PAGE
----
Team players

At Badger Mining, bosses are called coaches and workers are known as associates. But do semantics matter in the workplace?

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Badger Mining President Tim Wuest
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(Fortune Small Business) -- When Badger Mining Corporation holds quarterly meetings open to all employees, Curt Talma, who works in the maintenance department, always attends.

"They go through the financials and look at what's coming next. Anyone's free to ask a question or offer a suggestion," explains Talma, 37. "It takes the guess work out of what's next and it makes you proud to be included."

Talma, who's been with the company for over 15 years, thinks so highly of his employer that two years ago he encouraged his wife to seek a job at Badger. Now they both work for the Berlin, Wisc., company and can't imagine working for anyone else.

Quarterly meetings, in which no topic is off limits, are just a part of the progressive benefits package offered by Badger, the fifth largest industrial sand company in the United States. Other benefits include 20% profit sharing for all 170 employees (including management), a 401(k) with up to 6% matching funds, 100% of a health insurance premium and free long- or short-term disability pay.

Can't quit smoking? Badger provides $350 for a tobacco cessation plan. Need a financial planner? Badger offers $200 to hire one. Such investment is expensive in the short-term, admits president Tim Wuest, but well worth it in the long run.

It's a lesson that Badger learned more than once. Originally founded in 1949 by Clifford Chier, the company was renamed Badger Mining Corporation in 1979. After years of intense growth, profits dropped during the recession of 1981-82, forcing management to rethink the way they were doing business.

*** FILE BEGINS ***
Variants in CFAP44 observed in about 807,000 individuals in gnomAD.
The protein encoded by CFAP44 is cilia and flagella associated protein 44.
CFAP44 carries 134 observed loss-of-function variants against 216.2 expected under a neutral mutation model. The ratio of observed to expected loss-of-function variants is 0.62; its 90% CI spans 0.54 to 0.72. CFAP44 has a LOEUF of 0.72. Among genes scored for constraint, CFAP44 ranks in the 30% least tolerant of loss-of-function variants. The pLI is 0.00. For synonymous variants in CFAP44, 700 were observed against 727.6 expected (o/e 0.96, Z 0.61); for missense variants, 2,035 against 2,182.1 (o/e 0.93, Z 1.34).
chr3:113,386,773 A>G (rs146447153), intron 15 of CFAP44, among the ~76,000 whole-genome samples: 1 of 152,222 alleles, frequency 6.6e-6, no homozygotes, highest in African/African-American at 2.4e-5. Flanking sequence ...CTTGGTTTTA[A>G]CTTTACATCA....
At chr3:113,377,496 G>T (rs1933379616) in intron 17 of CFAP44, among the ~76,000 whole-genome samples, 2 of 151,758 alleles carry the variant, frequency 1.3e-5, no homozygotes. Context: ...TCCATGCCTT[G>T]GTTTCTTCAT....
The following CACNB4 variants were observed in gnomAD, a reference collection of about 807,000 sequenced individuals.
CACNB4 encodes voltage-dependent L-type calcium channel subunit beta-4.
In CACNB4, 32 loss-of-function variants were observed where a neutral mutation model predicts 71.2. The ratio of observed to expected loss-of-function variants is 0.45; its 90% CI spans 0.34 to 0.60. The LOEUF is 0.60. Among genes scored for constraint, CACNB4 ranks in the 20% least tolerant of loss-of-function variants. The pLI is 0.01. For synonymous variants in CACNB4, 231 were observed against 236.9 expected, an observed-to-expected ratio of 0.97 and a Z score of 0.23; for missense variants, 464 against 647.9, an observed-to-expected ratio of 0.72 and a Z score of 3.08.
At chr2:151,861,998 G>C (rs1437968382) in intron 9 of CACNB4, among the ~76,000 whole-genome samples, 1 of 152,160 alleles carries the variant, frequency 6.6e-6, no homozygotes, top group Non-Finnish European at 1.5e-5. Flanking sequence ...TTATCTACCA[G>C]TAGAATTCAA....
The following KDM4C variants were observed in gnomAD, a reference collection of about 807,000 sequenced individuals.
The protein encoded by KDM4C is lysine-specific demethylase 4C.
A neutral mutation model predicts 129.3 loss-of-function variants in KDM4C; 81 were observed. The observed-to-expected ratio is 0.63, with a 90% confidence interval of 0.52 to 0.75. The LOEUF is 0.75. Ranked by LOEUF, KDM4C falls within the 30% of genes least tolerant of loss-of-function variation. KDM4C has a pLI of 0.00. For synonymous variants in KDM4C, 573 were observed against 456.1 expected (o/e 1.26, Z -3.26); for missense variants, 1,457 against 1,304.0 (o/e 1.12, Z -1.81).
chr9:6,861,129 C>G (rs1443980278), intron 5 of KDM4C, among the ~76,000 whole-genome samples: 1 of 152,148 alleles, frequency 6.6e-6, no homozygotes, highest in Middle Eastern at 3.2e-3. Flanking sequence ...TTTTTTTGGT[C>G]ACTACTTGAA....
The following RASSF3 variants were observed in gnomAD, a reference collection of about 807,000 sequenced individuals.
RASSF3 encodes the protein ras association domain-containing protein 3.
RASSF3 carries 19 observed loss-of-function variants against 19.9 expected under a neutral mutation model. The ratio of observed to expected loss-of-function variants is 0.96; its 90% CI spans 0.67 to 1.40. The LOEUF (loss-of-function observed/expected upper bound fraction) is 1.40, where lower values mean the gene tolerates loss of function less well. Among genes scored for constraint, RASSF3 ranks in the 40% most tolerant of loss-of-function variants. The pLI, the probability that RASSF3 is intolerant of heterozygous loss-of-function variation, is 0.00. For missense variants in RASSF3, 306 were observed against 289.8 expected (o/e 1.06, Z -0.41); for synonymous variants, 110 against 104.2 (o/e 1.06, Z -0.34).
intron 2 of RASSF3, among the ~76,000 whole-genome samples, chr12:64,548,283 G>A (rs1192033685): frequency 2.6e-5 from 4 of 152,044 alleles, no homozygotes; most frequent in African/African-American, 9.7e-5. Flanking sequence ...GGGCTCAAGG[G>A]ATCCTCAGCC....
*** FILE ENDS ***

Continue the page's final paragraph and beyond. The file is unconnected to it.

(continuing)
"When we came out of that, we looked back to see what we could have done differently," explains Wuest. The solution was to remember what made the family-run business special from its earliest days. "We lost touch with the way were treating people," he says. "Chier treated people right -- on a Friday if workers got done early, he'd let them go or he'd take all the employees out for fish."

In 1985 the firm restructured, creating a flat organizational plan with self-directed work teams. Employees are called associates, bosses are known as coaches, and the executives referred to as the advisory team. "We had gotten too top-heavy. We recognized that if we wanted to retain very good associates, we had to provide above average wages and benefits," Wuest says. "We wanted to give people a sense of ownership so that they were part of the success or failure of the company."

That transition wasn't easy. "Some people need way more structure than we were going to provide," Wuest says. "When we spoke to everyone during the transition we'd talk about team concept and how the company was going to be. We have three levels, and people usually advance in the level they're already in. That doesn't work for everyone."

Even for those who were committed to Badger through the changes, the process was challenging. "It took getting used to," says Talma. "You still see it with the new hires. In the beginning it's kind of weird when they want your input."

Donna Flagg, President of The Krysalis Group, a business consulting firm in New York City, says some people may prefer to be given less freedom because it makes them feel more secure, but she adds: "It may just take some longer than others to feel confident enough to engage in that process."

For Badger, the investment in their employees has paid off for the past two decades. "Our benefits affect our bottom line in a positive way," says Wuest. "Turnover is very expensive. When you're constantly training new hires you have problems with productivity and quality of the product."

Now, in the midst of another recession, Badger hasn't cut any benefits or laid anyone off. With a continued effort to empower employees, Badger has offered short-term layoffs on a volunteer basis; as of May 2009, less than 3% of the employees have taken unpaid time off.

"We haven't stepped in and made any layoffs," says Wuest. "We give them the information and they make the decisions."

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